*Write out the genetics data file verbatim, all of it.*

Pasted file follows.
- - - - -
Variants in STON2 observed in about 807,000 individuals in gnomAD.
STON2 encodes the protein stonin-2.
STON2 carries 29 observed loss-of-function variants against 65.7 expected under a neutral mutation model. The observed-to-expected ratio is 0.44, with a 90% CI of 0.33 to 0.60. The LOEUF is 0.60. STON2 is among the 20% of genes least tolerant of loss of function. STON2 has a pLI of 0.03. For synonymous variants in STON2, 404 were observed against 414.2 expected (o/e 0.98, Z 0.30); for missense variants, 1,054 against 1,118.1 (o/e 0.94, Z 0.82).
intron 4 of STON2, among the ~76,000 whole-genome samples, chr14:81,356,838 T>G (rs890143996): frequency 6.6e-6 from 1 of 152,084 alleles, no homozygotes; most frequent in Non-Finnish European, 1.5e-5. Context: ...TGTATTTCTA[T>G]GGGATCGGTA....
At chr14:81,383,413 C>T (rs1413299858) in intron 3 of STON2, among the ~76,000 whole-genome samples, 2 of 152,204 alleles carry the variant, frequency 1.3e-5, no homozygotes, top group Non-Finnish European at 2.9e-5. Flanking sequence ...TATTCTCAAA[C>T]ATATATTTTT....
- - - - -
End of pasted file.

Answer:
Variants in STON2 observed in about 807,000 individuals in gnomAD.
STON2 encodes the protein stonin-2.
STON2 carries 29 observed loss-of-function variants against 65.7 expected under a neutral mutation model. The observed-to-expected ratio is 0.44, with a 90% CI of 0.33 to 0.60. The LOEUF is 0.60. STON2 is among the 20% of genes least tolerant of loss of function. STON2 has a pLI of 0.03. For synonymous variants in STON2, 404 were observed against 414.2 expected (o/e 0.98, Z 0.30); for missense variants, 1,054 against 1,118.1 (o/e 0.94, Z 0.82).
intron 4 of STON2, among the ~76,000 whole-genome samples, chr14:81,356,838 T>G (rs890143996): frequency 6.6e-6 from 1 of 152,084 alleles, no homozygotes; most frequent in Non-Finnish European, 1.5e-5. Context: ...TGTATTTCTA[T>G]GGGATCGGTA....
At chr14:81,383,413 C>T (rs1413299858) in intron 3 of STON2, among the ~76,000 whole-genome samples, 2 of 152,204 alleles carry the variant, frequency 1.3e-5, no homozygotes, top group Non-Finnish European at 2.9e-5. Flanking sequence ...TATTCTCAAA[C>T]ATATATTTTT....